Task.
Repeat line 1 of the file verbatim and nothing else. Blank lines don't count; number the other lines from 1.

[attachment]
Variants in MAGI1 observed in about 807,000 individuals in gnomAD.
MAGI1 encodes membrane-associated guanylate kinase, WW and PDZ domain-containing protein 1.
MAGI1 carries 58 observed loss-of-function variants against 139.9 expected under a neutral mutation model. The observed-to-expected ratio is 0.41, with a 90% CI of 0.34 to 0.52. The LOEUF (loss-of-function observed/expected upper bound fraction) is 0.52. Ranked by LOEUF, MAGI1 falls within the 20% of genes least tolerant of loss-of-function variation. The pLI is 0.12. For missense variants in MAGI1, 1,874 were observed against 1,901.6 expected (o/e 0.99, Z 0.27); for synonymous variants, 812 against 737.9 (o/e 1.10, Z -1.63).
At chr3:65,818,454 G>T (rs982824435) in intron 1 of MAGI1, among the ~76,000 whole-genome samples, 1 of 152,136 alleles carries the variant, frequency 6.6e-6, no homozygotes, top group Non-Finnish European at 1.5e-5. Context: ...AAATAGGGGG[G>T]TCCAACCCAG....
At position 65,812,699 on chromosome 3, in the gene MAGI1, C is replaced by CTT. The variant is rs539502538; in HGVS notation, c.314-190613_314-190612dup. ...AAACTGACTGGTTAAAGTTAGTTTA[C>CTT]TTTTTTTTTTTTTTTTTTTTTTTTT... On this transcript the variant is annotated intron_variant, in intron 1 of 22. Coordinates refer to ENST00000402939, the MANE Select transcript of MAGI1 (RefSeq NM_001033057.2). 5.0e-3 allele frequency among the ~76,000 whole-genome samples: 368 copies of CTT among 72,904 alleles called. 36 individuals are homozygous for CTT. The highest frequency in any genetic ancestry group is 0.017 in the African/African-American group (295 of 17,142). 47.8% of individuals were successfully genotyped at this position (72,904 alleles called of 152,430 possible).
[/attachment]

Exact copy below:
Variants in MAGI1 observed in about 807,000 individuals in gnomAD.